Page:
Get Out: The Challenges of Getting Divorced in the Jewish Community

Earlier this year, Esther Kahan, a nursery practitioner at Noam Primary School in the UK, finally received a get, a Jewish bill of divorce, after being denied one by her ex-husband for more than 15 years. To get it though, she had to pay her ex-husband, Shmiel Kahan, £50,000.

Mrs. Kahan told Jewish News, “I went through the usual channels to try to compel my former husband to give me a get, but was thwarted each time by Mr. Kahan, who asked for vast sums of money in return, or attached near-impossible conditions.”

Earlier this year, too, Israeli courts convicted a man of criminal charges for refusing to give his wife a get since he and his wife began divorce proceedings in 1998. On orders of the rabbinical court, Meir Gorodetzky has been in prison for 18 years for his refusal; the court’s order for the last 18 years was civil, not criminal. However, in a first for Israel, the Jerusalem Magistrate’s Court convicted him on criminal charges for holding his wife hostage to the marriage for over 20 years.

A Jewish Get Document

Gorodetzky will spend an additional 15 months in prison and seven months of probation.

Most recently, Israel’s Ashkenazi Chief Rabbi, Rabbi David Lau, backed a ruling that prevented a man from burying his mother until he granted his wife a get. This man had been holding out on granting his wife a get for 15 years, during which time he remarried; this marriage was from a ruling that that rabbinical courts do not recognize. All the while, his wife remained an Agunah, a “chained” woman unable to remarry. 

The issues surrounding men refusing to give their wives a get is nothing new. A quick Google search on the topic will turn up plenty of articles, including reviews of movies that have been made to document struggles of Jewish women fighting for their “freedom.” In 2018 alone, Israel’s Chief Rabbinate issued “156 restraining orders — 117 against men and 39 against women — including orders preventing travel abroad, restricting access to a bank account and revoking a driver’s license” to those who refused to give a get. 

According to Michael Stutman, founding partner at New York City based matrimonial law firm, Stutman, Stutman and Lichtenstein, LLP, “this process [of needing a get] is rooted in centuries of religious thought/law…I would not be optimistic of there being changes on the horizon, near or far.”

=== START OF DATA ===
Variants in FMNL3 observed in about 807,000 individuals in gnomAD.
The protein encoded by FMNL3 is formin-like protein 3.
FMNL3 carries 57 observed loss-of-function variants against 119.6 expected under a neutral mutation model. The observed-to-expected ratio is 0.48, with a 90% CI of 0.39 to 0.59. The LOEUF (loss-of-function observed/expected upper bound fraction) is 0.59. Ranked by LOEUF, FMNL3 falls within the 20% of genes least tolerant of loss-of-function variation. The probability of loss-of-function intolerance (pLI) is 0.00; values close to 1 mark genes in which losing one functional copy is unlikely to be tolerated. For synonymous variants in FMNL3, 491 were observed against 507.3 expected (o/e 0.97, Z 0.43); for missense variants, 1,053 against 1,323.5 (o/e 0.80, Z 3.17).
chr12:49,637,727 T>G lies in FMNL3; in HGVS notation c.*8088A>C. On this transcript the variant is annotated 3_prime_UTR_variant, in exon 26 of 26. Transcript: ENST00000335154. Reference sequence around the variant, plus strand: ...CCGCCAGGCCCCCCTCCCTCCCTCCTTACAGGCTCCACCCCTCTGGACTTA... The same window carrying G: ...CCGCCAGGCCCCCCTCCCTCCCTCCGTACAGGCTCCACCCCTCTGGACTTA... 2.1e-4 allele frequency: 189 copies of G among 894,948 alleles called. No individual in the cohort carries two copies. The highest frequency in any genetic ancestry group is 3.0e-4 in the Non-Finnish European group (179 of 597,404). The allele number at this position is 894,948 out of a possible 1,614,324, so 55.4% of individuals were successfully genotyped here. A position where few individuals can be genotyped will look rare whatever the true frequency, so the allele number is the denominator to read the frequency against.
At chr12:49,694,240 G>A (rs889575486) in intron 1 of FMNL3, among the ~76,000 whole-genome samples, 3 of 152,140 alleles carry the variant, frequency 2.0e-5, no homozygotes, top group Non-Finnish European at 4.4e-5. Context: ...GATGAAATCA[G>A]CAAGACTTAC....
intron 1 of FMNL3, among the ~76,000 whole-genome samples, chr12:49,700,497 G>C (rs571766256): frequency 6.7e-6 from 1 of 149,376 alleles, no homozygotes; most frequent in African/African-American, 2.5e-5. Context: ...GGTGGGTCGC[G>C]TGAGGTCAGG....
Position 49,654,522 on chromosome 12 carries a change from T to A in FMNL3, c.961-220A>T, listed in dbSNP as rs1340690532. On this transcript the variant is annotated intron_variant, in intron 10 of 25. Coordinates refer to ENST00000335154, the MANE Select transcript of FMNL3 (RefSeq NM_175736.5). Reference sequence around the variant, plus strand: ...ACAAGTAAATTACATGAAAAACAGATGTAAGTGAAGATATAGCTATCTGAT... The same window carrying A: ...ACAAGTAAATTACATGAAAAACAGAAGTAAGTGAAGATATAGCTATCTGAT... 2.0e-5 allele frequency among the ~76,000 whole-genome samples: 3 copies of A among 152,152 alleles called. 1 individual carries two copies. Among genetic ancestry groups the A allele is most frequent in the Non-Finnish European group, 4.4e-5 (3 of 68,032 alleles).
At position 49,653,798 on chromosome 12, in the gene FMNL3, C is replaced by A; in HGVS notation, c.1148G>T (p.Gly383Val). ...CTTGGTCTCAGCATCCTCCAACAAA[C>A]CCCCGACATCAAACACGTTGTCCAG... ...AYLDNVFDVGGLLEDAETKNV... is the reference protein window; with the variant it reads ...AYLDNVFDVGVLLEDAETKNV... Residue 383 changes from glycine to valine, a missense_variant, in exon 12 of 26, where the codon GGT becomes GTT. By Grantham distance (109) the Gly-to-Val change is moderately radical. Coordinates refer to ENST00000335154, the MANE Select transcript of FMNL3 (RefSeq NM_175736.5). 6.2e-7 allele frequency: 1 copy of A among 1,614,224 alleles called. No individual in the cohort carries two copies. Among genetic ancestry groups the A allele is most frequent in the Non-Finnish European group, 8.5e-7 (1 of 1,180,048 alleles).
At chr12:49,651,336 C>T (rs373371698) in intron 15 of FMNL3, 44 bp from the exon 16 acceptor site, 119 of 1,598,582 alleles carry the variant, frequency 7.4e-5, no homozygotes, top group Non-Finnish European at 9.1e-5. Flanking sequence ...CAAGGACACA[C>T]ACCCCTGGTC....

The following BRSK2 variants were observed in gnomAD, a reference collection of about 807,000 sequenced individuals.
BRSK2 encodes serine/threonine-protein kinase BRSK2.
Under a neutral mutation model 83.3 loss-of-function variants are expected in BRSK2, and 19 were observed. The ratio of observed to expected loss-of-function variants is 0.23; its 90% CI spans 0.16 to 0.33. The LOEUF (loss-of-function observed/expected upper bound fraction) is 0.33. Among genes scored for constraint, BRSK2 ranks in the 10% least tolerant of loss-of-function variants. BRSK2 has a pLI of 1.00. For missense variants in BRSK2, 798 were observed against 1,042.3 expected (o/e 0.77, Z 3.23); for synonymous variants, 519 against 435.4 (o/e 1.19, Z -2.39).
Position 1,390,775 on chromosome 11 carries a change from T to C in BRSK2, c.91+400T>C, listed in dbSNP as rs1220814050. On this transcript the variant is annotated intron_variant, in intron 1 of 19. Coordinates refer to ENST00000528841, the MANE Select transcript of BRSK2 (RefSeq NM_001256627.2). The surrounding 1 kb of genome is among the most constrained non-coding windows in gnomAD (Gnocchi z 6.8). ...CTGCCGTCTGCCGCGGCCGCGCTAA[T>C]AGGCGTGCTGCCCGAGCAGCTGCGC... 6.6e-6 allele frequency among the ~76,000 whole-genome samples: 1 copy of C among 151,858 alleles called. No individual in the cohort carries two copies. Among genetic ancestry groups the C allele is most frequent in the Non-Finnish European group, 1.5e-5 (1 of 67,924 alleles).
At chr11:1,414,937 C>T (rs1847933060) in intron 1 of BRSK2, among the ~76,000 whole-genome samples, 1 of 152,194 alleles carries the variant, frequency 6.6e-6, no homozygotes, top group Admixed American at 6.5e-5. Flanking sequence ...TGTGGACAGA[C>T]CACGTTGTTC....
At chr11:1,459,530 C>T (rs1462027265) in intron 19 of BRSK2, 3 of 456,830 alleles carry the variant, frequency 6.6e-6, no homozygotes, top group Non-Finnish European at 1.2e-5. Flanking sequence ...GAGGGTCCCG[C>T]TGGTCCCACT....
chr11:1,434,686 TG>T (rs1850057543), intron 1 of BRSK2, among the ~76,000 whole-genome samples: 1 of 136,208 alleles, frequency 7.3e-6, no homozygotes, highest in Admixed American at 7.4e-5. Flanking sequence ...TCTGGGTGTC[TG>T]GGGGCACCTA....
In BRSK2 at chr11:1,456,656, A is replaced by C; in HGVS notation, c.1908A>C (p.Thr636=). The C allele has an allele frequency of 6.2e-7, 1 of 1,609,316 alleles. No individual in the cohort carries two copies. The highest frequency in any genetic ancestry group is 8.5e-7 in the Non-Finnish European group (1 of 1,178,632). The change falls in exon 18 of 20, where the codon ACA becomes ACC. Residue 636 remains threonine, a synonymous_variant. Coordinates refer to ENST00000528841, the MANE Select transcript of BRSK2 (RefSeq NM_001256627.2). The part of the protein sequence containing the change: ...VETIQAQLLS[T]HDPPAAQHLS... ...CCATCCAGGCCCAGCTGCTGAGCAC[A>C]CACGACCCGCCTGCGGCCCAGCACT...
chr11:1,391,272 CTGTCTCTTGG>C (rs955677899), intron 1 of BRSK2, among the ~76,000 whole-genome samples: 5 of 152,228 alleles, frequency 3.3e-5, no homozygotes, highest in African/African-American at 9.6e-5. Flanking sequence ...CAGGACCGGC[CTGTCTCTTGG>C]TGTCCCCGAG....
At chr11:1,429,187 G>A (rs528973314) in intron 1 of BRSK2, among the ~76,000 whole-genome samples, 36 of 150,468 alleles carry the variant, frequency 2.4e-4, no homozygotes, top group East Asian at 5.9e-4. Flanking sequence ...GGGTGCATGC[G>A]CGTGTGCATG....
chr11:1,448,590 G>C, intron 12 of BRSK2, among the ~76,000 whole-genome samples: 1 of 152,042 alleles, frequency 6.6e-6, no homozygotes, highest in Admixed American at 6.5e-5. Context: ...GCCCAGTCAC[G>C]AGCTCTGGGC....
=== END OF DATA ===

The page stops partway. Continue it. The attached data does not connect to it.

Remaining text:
The law, which was written thousands of years ago, can handicap a woman and prevent her from ever getting married again. Especially in cases where a man goes completely off the grid, just to avoid giving his wife a get.

According to Stutman, in the event a man decides to disappear, “a civil court could provide incentives to the man to resurface and cooperate, like sequestering his assets, restricting his access to his children and the like.”

But ultimately, “unless they [the woman] can obtain some religious dispensation, the absence of the get is fatal.”

The only exception to this rule is if a husband dies prior to giving a get. In such cases, the man “is still married…so it’s like when any other husband dies, the widow has reclaimed her ‘freedom’ and doesn’t need a get.”

New York has a law, “The Domestic Relations Law,” which requires that the Plaintiff – i.e. the one who initiates the divorce – remove all “barriers to remarriage” for the other spouse. (The law itself is not directed towards the Jewish community, but much of it is applicable to challenges Jewish women face with the get process). If the husband refuses to give his wife a get, “a judge will direct a rather onerous ‘alimony’ award that will only be adjusted downward if the wife receives the get. Failure to pay the enhanced alimony is a violation of the court order and can result in the husband being incarcerated,” says Stutman.

While the Jewish laws surrounding divorce are unlikely to ever change, at least not anytime soon, there is hope for the prevention of get abuse in the future. Organizations like ORA (The Organization for the Resolution of Agunot) and Get Smart are pushing Jewish couples to marry with a halachic prenup which, according to Get Smart, “contains a financial disincentive to refusing the get: If a person fails to follow the beit din’s ruling, a financial obligation clause goes into effect, currently up to $150 per day ($54,750 per year).” 

By incorporating a halachic prenup into marital agreements, a barrier to divorce becomes broken, thus restoring women’s agency and autonomy. Without such contract, accessibility to a get sadly remains limited for some women, leaving wives subject to the will of their husbands and potential abuse. 

About the Author
Formerly from Israel, now in Delaware, I have owned, run and worked with food, technology and politics, beginning with the MFA and several Knesset members.
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